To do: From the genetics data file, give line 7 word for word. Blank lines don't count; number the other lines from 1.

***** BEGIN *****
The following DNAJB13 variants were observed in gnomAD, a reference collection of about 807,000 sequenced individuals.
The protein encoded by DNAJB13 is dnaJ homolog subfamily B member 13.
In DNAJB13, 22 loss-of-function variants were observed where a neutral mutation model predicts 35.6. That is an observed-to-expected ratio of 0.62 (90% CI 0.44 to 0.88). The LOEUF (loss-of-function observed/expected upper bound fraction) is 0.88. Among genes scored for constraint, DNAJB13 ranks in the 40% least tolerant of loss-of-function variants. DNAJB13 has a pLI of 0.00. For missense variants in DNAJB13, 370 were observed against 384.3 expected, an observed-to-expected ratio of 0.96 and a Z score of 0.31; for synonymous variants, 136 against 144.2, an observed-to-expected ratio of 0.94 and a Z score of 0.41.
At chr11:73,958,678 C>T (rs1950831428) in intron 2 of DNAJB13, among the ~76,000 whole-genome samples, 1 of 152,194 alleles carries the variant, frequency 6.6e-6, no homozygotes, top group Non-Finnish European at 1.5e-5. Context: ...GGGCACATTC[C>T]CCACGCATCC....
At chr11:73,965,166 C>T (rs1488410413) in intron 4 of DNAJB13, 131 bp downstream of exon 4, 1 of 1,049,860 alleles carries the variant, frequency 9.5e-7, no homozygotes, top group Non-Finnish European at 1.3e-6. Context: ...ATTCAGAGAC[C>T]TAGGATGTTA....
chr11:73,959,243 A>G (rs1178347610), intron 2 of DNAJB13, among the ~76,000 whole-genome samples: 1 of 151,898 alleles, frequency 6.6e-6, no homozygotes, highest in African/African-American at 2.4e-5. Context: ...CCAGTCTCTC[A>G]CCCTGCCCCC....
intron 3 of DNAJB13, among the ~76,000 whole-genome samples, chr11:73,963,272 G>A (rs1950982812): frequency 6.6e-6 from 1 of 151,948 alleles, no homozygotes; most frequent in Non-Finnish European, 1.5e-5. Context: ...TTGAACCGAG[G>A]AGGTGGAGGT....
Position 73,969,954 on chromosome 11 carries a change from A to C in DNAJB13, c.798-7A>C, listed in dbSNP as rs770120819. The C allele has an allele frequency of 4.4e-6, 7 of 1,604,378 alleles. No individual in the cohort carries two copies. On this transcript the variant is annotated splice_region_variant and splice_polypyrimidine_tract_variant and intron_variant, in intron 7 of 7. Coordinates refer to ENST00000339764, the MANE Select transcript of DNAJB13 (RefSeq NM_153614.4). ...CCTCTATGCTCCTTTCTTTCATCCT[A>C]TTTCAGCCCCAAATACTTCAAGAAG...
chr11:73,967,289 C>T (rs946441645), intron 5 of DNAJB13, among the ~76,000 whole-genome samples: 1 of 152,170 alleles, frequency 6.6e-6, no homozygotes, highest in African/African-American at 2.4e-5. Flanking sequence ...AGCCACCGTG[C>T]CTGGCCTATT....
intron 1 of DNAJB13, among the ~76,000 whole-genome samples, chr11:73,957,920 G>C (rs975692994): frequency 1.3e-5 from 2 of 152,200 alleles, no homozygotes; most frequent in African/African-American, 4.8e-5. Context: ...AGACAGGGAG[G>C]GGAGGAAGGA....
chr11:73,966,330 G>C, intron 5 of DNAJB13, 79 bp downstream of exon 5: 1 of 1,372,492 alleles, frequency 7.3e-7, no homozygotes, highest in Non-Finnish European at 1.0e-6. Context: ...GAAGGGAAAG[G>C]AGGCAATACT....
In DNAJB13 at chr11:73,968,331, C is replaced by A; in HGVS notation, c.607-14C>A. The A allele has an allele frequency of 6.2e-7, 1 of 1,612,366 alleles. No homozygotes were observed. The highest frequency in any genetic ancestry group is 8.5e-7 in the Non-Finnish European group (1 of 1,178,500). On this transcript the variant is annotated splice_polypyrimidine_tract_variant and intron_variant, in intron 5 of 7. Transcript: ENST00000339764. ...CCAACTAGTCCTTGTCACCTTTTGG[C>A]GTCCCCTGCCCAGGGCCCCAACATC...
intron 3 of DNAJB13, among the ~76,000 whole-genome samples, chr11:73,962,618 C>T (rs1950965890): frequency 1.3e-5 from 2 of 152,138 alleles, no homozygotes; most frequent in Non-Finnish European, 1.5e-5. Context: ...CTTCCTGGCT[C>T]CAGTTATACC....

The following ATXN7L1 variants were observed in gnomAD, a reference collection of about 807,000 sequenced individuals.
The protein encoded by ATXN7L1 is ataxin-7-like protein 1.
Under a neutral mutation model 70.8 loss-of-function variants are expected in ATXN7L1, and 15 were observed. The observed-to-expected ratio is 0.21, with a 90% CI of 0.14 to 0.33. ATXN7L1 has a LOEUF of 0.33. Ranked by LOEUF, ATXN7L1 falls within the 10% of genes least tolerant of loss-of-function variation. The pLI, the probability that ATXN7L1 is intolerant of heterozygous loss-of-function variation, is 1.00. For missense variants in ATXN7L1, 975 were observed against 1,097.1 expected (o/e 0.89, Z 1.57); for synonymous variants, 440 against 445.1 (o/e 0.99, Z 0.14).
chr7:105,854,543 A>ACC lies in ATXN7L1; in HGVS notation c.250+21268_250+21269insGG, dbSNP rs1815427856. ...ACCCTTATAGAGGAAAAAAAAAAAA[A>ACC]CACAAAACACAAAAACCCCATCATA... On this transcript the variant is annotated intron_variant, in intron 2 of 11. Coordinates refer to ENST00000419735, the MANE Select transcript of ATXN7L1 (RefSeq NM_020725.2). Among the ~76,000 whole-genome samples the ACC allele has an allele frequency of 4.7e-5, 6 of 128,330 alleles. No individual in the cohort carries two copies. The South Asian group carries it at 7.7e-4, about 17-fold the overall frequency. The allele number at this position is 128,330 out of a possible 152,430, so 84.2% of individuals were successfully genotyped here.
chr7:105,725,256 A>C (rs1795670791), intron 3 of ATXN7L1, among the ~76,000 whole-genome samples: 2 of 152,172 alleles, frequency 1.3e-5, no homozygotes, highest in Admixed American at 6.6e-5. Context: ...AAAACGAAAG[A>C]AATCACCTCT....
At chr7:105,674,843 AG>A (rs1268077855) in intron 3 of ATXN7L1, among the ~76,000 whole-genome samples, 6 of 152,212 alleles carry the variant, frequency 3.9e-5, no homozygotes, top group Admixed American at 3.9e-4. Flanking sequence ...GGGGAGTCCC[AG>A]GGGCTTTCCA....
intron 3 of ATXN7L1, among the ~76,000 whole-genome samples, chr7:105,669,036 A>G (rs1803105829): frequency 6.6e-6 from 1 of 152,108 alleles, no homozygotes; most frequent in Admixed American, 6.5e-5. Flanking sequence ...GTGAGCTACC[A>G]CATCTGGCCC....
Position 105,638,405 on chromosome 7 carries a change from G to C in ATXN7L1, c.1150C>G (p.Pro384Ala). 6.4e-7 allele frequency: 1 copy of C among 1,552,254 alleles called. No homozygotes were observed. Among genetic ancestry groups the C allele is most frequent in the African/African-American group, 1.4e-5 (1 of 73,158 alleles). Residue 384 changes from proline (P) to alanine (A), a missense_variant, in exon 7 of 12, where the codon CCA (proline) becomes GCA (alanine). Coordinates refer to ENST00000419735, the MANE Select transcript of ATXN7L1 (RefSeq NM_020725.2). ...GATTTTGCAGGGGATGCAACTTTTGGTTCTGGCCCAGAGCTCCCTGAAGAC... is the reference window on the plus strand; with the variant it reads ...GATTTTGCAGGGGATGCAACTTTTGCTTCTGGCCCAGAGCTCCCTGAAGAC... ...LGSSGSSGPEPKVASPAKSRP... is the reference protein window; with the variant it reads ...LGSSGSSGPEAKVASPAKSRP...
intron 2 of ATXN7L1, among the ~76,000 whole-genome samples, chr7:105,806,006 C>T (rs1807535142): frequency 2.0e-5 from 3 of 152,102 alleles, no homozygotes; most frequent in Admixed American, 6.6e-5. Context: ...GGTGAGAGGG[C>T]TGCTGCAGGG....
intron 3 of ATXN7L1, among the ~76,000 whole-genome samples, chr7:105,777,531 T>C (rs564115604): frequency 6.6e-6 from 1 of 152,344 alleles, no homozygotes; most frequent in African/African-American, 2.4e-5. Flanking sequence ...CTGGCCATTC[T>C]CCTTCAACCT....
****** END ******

intron 3 of DNAJB13, among the ~76,000 whole-genome samples, chr11:73,963,272 G>A (rs1950982812): frequency 6.6e-6 from 1 of 151,948 alleles, no homozygotes; most frequent in Non-Finnish European, 1.5e-5. Context: ...TTGAACCGAG[G>A]AGGTGGAGGT....